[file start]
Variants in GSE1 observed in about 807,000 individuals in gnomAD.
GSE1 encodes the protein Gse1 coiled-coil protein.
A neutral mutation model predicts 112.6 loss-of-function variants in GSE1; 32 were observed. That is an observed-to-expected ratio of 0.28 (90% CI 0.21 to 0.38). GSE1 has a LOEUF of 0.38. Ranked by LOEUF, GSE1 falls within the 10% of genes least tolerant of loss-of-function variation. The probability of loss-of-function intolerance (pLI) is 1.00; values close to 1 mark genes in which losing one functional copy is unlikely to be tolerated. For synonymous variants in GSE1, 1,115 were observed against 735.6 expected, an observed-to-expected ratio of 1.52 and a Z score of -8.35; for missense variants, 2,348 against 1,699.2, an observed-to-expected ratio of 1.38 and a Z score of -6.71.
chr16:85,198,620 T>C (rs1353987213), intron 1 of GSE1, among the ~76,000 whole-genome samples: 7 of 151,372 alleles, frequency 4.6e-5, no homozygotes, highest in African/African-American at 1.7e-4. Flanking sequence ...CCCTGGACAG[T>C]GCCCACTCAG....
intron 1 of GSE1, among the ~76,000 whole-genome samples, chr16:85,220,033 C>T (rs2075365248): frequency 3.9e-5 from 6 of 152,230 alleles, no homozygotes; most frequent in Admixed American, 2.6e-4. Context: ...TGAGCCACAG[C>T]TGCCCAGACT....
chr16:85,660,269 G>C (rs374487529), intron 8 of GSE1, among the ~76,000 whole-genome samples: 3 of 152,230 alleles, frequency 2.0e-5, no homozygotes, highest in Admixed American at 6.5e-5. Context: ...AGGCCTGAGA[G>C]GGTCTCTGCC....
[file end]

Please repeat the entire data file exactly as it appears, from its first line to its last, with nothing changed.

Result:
Variants in GSE1 observed in about 807,000 individuals in gnomAD.
GSE1 encodes the protein Gse1 coiled-coil protein.
A neutral mutation model predicts 112.6 loss-of-function variants in GSE1; 32 were observed. That is an observed-to-expected ratio of 0.28 (90% CI 0.21 to 0.38). GSE1 has a LOEUF of 0.38. Ranked by LOEUF, GSE1 falls within the 10% of genes least tolerant of loss-of-function variation. The probability of loss-of-function intolerance (pLI) is 1.00; values close to 1 mark genes in which losing one functional copy is unlikely to be tolerated. For synonymous variants in GSE1, 1,115 were observed against 735.6 expected, an observed-to-expected ratio of 1.52 and a Z score of -8.35; for missense variants, 2,348 against 1,699.2, an observed-to-expected ratio of 1.38 and a Z score of -6.71.
chr16:85,198,620 T>C (rs1353987213), intron 1 of GSE1, among the ~76,000 whole-genome samples: 7 of 151,372 alleles, frequency 4.6e-5, no homozygotes, highest in African/African-American at 1.7e-4. Flanking sequence ...CCCTGGACAG[T>C]GCCCACTCAG....
intron 1 of GSE1, among the ~76,000 whole-genome samples, chr16:85,220,033 C>T (rs2075365248): frequency 3.9e-5 from 6 of 152,230 alleles, no homozygotes; most frequent in Admixed American, 2.6e-4. Context: ...TGAGCCACAG[C>T]TGCCCAGACT....
chr16:85,660,269 G>C (rs374487529), intron 8 of GSE1, among the ~76,000 whole-genome samples: 3 of 152,230 alleles, frequency 2.0e-5, no homozygotes, highest in Admixed American at 6.5e-5. Context: ...AGGCCTGAGA[G>C]GGTCTCTGCC....